Thursday, August 21, 2014

Concealed Carry: Defense In A Vehicle

Many years ago in the 80’s I found myself with a bunch of Army guys. I was not in that branch of the service but had the opportunity of going to many Army schools and trained with many Army members. In spite of military branch rivalries, we actually got along great. It’s always interested me the different focus of each branch of the military and how they train. Anyway, I was taking a tactical driving course that was operated by the Army. I took this course with Air Force, Army, Marine, Secret Service, and FBI members. There were 12 of us in the class. We learned all the basics, driving over curbs, J turns, driving at a high rate backward and other skills. There was a portion of this course I’d like to address here, shooting from a vehicle.
This subject was thoroughly covered and practiced in my class in two days. I will only cover this subject generally here. Having taken the course, I am by no means an expert.
We’ll address static shooting because moving and shooting have a lot more to them. We had been driving for two days and had done some pretty crazy stuff when we started discussing shooting. The instructor told us we already knew the training for the primary action for a vehicle engagement, drive away! Do not back up away from an attacker and don’t duck down! These two things will be your death in the end. Backing puts a target up so aimed fire can occur and ducking only gives time to the attacker. As soon as you decide to move you’ll have to pop up. Both are wrong moves.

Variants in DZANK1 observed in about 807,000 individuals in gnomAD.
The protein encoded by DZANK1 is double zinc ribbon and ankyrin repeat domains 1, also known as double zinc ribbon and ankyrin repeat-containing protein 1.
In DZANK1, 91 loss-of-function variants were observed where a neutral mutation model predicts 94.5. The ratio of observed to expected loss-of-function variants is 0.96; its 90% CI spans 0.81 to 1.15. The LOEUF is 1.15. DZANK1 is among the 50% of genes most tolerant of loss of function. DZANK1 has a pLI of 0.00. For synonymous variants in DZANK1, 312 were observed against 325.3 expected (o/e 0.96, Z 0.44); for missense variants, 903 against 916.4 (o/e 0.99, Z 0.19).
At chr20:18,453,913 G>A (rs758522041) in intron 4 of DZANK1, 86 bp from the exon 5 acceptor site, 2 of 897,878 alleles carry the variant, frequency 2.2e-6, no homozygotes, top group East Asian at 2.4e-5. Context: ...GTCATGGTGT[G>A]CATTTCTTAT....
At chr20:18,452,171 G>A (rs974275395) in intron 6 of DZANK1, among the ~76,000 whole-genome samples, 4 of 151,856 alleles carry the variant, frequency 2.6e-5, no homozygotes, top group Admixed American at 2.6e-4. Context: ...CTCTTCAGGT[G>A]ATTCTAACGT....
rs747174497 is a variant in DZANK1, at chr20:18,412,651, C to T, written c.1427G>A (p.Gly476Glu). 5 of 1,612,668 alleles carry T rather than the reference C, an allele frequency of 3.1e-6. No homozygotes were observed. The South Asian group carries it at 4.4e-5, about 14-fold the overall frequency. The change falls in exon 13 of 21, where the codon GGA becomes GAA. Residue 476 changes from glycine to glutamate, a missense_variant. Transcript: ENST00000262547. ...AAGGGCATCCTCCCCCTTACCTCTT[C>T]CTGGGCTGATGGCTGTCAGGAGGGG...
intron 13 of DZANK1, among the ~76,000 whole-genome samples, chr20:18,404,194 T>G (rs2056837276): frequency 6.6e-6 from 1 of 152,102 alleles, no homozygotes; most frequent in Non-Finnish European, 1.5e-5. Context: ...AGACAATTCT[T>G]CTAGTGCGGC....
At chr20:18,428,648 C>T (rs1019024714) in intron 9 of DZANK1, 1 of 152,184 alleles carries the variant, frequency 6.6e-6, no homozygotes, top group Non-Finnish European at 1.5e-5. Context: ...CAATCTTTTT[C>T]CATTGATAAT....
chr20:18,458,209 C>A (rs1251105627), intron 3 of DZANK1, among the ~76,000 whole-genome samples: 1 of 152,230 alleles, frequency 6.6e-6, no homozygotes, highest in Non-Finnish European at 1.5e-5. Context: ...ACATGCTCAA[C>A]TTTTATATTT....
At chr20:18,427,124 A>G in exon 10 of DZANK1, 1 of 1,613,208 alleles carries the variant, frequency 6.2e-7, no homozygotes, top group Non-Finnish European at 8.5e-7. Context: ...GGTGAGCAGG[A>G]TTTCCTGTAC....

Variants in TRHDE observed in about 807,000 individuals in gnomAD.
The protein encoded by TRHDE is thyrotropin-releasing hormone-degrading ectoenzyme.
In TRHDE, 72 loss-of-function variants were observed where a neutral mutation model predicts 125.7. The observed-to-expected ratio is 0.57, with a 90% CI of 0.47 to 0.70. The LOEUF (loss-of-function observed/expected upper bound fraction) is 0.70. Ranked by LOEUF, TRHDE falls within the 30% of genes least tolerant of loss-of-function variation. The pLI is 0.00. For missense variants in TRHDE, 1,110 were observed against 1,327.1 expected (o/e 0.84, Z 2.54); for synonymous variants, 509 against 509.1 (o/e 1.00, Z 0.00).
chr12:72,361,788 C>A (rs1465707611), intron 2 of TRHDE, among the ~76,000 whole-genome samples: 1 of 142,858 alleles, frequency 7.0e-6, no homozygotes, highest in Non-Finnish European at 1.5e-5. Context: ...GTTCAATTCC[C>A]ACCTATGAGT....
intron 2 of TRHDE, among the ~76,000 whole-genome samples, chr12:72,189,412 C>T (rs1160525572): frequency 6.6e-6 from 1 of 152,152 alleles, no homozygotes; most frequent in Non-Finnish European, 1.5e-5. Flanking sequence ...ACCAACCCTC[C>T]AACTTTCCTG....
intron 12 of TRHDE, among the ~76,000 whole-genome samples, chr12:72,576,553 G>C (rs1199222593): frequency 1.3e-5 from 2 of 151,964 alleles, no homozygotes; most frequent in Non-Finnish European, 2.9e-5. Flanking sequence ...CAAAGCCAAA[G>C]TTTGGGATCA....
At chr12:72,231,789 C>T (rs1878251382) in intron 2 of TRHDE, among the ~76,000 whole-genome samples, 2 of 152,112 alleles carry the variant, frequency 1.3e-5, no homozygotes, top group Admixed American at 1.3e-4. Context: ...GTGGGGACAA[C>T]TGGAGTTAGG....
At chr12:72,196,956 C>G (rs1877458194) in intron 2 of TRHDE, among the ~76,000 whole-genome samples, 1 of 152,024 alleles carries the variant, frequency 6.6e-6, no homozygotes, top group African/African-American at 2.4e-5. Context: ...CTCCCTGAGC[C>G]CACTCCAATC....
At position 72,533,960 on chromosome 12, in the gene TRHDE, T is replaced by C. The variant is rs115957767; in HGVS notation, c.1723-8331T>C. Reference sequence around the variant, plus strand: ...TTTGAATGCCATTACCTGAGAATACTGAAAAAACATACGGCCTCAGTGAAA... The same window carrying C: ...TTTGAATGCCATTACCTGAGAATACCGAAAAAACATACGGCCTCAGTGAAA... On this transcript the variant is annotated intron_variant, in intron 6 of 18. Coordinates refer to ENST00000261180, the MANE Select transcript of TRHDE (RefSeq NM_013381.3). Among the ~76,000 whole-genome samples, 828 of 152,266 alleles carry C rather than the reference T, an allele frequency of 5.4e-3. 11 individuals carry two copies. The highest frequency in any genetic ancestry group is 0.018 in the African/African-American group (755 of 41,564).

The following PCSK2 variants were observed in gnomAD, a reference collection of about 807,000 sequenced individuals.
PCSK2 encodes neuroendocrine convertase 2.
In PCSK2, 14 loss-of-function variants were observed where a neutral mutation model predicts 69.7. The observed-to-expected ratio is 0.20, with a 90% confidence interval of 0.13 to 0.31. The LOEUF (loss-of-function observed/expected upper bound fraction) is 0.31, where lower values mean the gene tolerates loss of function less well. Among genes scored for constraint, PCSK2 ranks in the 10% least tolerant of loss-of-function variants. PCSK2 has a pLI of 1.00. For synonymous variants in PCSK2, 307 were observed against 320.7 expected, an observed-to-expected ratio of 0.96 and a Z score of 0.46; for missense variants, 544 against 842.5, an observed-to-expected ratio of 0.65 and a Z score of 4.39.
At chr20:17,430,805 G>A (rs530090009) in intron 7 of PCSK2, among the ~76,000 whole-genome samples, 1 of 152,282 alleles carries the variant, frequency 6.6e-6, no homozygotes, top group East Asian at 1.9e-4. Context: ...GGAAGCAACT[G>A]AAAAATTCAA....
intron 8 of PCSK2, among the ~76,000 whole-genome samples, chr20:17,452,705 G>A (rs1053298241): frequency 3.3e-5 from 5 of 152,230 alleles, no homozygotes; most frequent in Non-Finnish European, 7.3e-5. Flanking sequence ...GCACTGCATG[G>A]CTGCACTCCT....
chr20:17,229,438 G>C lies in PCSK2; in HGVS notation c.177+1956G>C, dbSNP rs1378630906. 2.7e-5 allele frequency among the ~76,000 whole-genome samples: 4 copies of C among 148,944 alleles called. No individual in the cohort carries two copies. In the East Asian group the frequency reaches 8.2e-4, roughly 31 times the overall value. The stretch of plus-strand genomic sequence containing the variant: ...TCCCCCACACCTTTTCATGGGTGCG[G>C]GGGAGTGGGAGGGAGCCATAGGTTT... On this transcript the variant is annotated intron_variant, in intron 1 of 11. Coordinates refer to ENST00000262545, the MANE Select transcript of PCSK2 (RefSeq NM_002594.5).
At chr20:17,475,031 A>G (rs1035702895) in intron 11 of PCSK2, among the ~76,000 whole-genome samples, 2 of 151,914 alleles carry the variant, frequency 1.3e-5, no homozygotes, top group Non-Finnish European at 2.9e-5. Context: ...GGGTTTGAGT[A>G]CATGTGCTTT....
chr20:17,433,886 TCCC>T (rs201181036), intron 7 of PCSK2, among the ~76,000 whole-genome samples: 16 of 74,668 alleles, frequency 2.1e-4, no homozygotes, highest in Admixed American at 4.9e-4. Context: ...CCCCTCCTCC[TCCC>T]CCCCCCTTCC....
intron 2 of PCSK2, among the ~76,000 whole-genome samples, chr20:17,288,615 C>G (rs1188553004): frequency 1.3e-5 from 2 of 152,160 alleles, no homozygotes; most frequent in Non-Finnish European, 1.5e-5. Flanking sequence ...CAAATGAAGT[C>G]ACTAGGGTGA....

Ever shot a gun in a small, closed in space? Even with hearing protection the pressure is crazy! The first thing we talked about and practiced was the draw. This can be very difficult. Between sitting and seatbelts and steering wheels it can even be impossible. Rearrange your loadout (holster, EDC, etc) to accommodate a quick smooth draw. This is something you should consider every time you get in a vehicle as a concealed carry participant. If you pocket carry, how will you access your weapon? You also want to practice this so that you don’t end up shooting yourself or a passenger in a stressful time.
Once you have drawn the weapon you do your best to present as you would anywhere else. Use both hands and extend and shoot. This may take some movement to see and to aim the correct direction. If there are passengers you must shoot next to or in front of, extend the weapon past them if possible. This will freak them out but act quickly and you’ll be able to get a shot or two off before they do. Use one hand if you must. The key as always is to stop the threat.
Most vehicles have windshields made of a laminated glass. This a safety features. There is a piece of plastic between two pieces of glass which hold the glass together when broken. Large pieces won’t come flying toward you, but small chips will possibly come your way. (Called “spall”) In your excitement and concentration, don’t extend the weapon into the windshield. Contact with the windshield may cause an auto to not cycle correctly and malfunction. Use the steering wheel or dashboard as a support and to keep the weapon away from the windshield.